As a musician, Dylan has sold more than 100 million records, making him one of the best-selling artists of all time; he has received numerous awards, including Grammys, a Golden Globe and an Academy Award; he has been inducted into the Rock and Roll Hall of Fame, Minnesota Music Hall of Fame, Nashville Songwriters Hall of Fame and the Songwriters Hall of Fame. The Pulitzer Prize jury in 2008 awarded him a special citation for “his profound impact on popular music and American culture, marked by lyrical compositions of extraordinary poetic power.” In May 2012, Dylan received the Presidential Medal of Freedom.


John related his own story to Spike! like this:

“I was born April 13, 1934, at home — t’was the way in those days — in the tiny river town of Canton, Missouri, 21 miles north of Hannibal, where I mostly grew up,” John says. “I started skiing down a cow pasture hill in Hannibal when I was 12. The one thing I remember most from that first run after I had gone downhill about 50 feet — ‘This is a lot more fun than basketball.’”

Here’s how John got to Colorado:

“I was in my second year in college, sitting in a zoology class and decided I needed mountains and snow more than knowledge of the life of a paramecium. I walked out of that classroom, packed a bag and stuck out my thumb. Three days later I was seeing the snow-covered Rockies for the first time.”

“A brief detour occurred when I was in the Army, where I was stationed at Fort Carson. After my discharge in ’56, I went to work for Max and Edna Dercum at Ski Tip Ranch as a dishwasher. I also sang old folk songs for the guests in the evening. I got good enough skiing that I began teaching beginner lessons at A-Basin that winter.”

John taught skiing for “about 61 years as I count ’em,” he says, with A-Basin as a start, followed up with Winter Park; Sugarloaf, Maine; Waterville Valley and Wildcat Mountain, New Hampshire; Telluride; Sunday River, Maine; back to Winter Park, then Keystone and Powderhorn.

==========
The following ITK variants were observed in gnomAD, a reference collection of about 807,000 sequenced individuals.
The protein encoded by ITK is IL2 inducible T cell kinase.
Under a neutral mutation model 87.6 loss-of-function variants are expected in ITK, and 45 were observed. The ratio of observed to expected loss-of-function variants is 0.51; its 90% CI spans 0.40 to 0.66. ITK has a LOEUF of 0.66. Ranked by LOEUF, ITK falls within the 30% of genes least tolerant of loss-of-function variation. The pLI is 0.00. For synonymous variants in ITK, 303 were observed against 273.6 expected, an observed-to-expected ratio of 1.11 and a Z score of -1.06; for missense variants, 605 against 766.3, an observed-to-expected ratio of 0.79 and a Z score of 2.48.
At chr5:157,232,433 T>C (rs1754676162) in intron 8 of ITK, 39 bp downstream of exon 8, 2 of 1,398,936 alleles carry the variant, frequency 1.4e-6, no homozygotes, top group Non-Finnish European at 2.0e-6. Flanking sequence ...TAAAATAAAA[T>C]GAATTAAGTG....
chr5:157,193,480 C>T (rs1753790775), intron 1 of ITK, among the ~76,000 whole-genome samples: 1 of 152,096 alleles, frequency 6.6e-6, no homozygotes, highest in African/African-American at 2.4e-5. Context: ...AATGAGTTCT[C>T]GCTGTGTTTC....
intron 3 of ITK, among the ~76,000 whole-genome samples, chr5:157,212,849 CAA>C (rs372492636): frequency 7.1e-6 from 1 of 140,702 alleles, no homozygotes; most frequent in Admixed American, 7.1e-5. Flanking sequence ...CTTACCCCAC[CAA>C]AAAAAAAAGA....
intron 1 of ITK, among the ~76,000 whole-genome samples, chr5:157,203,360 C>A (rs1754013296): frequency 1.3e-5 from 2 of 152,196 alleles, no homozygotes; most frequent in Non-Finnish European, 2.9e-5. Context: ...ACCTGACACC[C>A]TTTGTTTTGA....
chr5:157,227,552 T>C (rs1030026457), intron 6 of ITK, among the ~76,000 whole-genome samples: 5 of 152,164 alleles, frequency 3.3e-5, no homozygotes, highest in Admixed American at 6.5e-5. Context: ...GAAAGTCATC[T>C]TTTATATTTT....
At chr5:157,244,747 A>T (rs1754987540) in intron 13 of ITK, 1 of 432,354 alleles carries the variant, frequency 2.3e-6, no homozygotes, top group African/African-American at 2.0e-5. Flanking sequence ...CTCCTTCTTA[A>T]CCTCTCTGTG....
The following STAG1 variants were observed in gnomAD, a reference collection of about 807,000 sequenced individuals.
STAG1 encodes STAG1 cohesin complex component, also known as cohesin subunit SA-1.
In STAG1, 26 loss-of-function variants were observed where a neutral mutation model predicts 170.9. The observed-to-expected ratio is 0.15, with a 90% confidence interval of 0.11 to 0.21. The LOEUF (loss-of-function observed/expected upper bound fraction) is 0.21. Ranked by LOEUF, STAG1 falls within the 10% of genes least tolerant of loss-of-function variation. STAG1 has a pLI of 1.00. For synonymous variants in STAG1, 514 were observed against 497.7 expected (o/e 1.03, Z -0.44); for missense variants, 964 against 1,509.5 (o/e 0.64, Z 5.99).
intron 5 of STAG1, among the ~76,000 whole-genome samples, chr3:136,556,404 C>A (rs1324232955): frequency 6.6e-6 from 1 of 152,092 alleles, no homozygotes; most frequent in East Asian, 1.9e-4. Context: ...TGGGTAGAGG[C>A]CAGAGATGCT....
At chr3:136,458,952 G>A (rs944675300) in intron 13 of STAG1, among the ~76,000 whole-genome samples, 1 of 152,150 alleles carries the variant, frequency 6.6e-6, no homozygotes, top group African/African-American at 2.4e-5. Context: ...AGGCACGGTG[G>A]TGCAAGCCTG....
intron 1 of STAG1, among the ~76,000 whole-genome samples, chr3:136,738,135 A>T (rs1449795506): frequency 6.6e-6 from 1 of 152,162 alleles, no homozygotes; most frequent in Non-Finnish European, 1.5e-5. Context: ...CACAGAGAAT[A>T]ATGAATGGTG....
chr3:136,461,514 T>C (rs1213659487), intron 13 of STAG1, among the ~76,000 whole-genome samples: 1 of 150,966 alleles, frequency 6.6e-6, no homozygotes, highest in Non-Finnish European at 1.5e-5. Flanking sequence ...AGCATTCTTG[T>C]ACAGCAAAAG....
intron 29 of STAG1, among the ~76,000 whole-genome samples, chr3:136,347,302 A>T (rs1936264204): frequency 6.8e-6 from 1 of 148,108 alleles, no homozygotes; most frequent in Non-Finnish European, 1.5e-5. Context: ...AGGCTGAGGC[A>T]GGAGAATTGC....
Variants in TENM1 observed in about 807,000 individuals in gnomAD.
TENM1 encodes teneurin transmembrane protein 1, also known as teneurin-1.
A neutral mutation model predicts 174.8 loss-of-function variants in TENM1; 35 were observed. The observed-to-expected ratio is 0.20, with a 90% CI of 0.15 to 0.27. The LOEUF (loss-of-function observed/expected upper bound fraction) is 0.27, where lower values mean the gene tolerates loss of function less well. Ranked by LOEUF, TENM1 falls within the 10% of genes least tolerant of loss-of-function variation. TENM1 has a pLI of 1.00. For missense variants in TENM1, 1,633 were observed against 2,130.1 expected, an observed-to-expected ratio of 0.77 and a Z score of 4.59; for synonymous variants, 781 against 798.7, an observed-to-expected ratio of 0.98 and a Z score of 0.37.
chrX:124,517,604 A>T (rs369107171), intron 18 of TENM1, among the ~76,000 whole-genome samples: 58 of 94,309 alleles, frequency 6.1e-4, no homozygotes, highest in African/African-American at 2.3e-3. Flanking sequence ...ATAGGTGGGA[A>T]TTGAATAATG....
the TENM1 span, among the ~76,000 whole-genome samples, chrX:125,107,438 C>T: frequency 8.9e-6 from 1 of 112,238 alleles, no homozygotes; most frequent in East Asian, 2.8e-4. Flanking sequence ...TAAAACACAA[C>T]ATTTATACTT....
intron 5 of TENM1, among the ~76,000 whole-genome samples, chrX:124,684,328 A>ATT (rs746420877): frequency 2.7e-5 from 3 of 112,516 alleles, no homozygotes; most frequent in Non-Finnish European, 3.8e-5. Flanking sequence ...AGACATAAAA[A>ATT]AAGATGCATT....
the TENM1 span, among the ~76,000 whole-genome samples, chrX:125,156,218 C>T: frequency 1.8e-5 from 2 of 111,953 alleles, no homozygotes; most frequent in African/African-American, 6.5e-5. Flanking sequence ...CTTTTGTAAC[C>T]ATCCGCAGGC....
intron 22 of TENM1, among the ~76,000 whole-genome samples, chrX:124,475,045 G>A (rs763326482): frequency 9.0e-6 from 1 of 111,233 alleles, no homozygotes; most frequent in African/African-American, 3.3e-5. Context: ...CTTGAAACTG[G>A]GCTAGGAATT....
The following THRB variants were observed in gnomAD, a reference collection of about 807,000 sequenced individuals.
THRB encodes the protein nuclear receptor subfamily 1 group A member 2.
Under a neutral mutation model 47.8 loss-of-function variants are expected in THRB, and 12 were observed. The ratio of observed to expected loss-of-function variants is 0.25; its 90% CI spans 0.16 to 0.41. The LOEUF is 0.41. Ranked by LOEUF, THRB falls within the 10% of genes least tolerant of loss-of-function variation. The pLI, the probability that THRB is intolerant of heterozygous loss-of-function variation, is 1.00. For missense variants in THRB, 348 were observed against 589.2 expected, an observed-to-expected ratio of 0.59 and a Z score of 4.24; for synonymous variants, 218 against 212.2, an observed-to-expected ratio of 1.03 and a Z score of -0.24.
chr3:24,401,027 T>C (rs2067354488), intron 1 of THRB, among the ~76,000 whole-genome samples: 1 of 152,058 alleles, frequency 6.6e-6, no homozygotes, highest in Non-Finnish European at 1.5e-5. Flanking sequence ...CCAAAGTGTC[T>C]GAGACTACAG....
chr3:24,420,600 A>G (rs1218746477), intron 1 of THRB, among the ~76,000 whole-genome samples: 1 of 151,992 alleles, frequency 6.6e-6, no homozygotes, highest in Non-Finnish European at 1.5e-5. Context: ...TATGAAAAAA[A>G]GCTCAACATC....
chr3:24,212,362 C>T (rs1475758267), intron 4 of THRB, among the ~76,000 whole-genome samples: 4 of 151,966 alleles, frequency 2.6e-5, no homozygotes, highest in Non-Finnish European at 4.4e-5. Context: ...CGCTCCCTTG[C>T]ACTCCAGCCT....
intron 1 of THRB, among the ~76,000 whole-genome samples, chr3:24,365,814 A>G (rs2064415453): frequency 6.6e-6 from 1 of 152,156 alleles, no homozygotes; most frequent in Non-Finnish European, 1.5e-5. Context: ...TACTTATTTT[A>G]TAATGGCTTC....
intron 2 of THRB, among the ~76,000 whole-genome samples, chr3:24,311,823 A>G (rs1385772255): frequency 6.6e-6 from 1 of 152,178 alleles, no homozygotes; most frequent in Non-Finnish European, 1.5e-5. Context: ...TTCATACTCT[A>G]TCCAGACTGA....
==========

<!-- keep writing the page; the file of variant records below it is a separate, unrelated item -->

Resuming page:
As for the tennis career, John taught at Copper (where Spike! met him in the tennis “bubble”) and the Frisco Recreation District. “I was a USPTA-certified instructor over quite a few years,” he says. “It was a good fit with skiing.”

“My last three years were spent — happily in my early ’70s — teaching telemarking back at A-Basin,” he adds.

With a full menu of creative pursuits combined with continuing athletic conditioning, John keeps a busy routine, which he details like this:

“I still work out daily and ski a couple of days a week, mainly at Powderhorn (now co-owned by Andy Daly), with a few trips tossed in to Loveland and others for seasoning; I’ve dialed my workouts back to brisk walks and bike rides that I call my ‘Tours de Neighborhood.’ My knees are pretty used up, stairs are difficult, but smooth tele turns on groomers are still fun. As I used to tell my students, ‘Learn to turn and gravity will be your friend.’”

Apparently gravity helped John and Kris get farther on the Western Slope.

“Kris and I drifted downriver until we found a warmer place — Grand Junction filled the bill for us,” John says. “Good biking and hiking, Powderhorn is a nice ski area, good medical facilities and a growing arts and music scene. There are some hot days in the summer and some cold spells each winter, but overall it’s a pretty nice place to live.”

“I still practice daily and do occasional small concerts,” John says. “My octogenarian voice is holding up OK, but the high notes aren’t so high and the low notes aren’t so low anymore.”

As for Kris, who was born in Chicago and started skiing at 2, she has worked for the city for almost 20 years. She now manages the visitor center at the Horizon Drive exit off of I-70. One of her major responsibilities is coordinating a staff of 90 senior volunteers. She will be retiring May 15.

John’s website is: